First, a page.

Small children on two-wheeled bicycles, ages 3 and 4, with the wind in their hair, smiles on their faces and the open road spread before them, were everywhere in the neighborhood.
Sound strange? It’s not a sight you often see in the United States. As I wandered through the streets and parks of Germany one summer, I was awed by the number of young children who were riding balance bikes as their parents watched comfortably from an appropriate distance.
The parents didn’t hover or fret over every move, and the children didn’t require training wheels or constant contact. Instead, kids were given the freedom to grow, explore and learn about the world around them.
A Little Less Hand-Holding
Observing this scene over and over in Germany got me thinking about how this mentality relates to education. We all too often hover over our students, providing them with training wheels and carefully standing watch so that they never have a chance to take academic risks or chart their own course in their learning.
In American classrooms, teachers usually start lessons with step-by-step directions, instructing and guiding students along the way. We start with the beginning and hold our students’ hands until they get to the end. When we don’t do this, students frequently ask for more guidance:
“What do you want it to be like? How many pages? How many words? Do you have a sample?”
Our students often fear getting it “wrong” or not doing what the teacher wants.
While some scaffolding may be necessary, we also need to give students the opportunity to experiment and learn from the process, not just the final product. The love of learning found through taking academic risks has been forgotten by so many of our students.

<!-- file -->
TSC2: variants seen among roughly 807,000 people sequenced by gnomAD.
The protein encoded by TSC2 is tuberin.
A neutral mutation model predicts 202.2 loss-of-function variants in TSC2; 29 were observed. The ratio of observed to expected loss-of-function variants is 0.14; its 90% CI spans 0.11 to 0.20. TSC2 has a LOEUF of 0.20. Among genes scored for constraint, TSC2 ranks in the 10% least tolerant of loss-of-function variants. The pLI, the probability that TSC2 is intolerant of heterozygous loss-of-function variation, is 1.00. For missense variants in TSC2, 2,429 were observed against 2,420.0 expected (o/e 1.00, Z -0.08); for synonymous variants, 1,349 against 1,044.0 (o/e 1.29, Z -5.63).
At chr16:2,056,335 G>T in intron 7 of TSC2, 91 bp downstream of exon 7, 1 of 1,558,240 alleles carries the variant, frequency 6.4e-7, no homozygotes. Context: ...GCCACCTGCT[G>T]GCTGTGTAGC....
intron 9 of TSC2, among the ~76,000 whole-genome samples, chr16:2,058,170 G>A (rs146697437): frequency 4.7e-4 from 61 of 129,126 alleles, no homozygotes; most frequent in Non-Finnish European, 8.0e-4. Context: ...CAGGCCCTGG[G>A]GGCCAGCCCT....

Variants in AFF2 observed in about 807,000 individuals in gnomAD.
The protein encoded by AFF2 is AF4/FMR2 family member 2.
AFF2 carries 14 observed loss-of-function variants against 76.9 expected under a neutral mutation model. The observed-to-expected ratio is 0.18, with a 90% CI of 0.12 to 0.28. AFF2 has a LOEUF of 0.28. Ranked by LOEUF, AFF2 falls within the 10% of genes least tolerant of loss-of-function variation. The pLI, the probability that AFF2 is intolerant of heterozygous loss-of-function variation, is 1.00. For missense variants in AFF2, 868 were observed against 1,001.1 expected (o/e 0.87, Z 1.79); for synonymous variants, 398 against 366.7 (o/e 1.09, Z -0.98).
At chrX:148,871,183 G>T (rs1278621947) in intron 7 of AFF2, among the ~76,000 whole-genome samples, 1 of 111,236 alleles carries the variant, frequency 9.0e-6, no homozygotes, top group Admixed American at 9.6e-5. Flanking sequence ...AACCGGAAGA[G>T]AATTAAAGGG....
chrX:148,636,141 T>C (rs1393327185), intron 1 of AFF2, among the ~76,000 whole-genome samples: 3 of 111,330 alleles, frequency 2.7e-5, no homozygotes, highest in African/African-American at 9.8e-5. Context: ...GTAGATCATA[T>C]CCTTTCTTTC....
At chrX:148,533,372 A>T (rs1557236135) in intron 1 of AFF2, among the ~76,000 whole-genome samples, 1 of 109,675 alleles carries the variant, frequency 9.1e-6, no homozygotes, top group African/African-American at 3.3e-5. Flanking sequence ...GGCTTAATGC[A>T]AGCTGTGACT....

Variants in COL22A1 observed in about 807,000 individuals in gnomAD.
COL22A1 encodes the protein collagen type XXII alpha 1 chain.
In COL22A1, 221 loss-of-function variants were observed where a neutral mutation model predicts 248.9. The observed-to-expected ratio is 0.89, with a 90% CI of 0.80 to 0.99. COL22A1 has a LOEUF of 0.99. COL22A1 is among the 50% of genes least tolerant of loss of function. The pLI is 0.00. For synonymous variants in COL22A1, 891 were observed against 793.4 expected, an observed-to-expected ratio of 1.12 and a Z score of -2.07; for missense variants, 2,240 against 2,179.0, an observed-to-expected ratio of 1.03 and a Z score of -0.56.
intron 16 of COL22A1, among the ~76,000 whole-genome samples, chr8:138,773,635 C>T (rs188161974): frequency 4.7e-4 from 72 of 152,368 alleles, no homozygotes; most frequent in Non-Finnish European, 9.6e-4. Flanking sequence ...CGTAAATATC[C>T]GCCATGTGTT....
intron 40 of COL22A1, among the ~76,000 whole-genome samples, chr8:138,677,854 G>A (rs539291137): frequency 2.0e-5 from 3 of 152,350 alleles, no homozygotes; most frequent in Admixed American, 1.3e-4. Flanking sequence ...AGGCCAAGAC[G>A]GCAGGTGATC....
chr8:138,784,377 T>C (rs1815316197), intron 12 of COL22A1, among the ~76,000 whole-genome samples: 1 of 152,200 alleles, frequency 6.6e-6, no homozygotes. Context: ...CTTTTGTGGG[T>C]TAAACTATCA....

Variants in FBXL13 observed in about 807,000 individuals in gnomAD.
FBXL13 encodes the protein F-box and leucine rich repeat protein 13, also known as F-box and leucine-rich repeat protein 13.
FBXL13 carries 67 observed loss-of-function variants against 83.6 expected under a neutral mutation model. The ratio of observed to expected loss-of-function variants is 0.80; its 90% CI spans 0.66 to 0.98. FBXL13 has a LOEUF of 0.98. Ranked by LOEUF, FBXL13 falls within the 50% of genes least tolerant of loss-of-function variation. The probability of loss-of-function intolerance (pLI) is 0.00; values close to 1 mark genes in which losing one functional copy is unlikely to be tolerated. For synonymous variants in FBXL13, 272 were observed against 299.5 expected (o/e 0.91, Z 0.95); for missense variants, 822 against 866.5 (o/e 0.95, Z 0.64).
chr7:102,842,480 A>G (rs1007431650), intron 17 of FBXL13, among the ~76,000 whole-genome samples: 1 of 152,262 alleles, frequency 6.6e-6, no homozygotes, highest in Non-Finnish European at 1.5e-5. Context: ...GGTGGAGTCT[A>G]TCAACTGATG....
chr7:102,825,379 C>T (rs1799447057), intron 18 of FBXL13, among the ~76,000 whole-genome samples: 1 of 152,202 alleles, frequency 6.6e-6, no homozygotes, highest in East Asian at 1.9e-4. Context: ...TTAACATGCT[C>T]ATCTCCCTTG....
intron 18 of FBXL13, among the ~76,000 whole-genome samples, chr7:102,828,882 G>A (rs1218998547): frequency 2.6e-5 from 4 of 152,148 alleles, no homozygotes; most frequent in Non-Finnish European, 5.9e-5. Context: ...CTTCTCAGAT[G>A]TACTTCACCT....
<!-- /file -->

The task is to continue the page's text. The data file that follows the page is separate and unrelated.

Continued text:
Bad standardized testing or a micromanaging society may have led to this phenomenon, but the reality is that something needs to change.
Creating Room for Academic Risk
We have a solid foundation for this change in the development of the Common Core State Standards, which allow for fewer, clearer and higher standards for students. These standards encourage important critical thinking and analytical skills.
As we continue the implementation of these standards, a process that has become politicized and often conflated with high-stakes testing, it is important that we carefully examine how we can best carry them out in our classrooms.
By using the standards as the baseline for what our students must achieve, we can craft lessons where we take a step back from our students and give them the freedom to take academic risks, come to their own conclusions, and learn from the process.
The parks in Germany were not the only place where I saw this notion of “free-range parenting.” In the German classrooms I observed, there was a much stronger focus on inquiry-based instruction.
For example, in one classroom, a teacher explained to me that students were working on assembling a complex piece of machinery that would dispense a liquid solution. When I asked how they knew what to assemble, the teacher replied:
They had a day to observe the final product. When they came to class the next day, I had taken it apart. Now they have to figure out how to get there. I show them the macro, and they experiment until they figure out the micro. Not all steps will be the same.
There is great power in the idea that not all steps will be uniform. Our students shouldn’t sit in classrooms all performing the same mindless, teacher-directed tasks over and over until they reach proficiency. Instead, we should see students questioning and experimenting without needing us to hover.
No two paths on the open road have to be the same. As educators, we should take a cue from German parents and take a step back, ignore the training wheels, and let our students be free to learn, balancing their way with the foundation we have given them.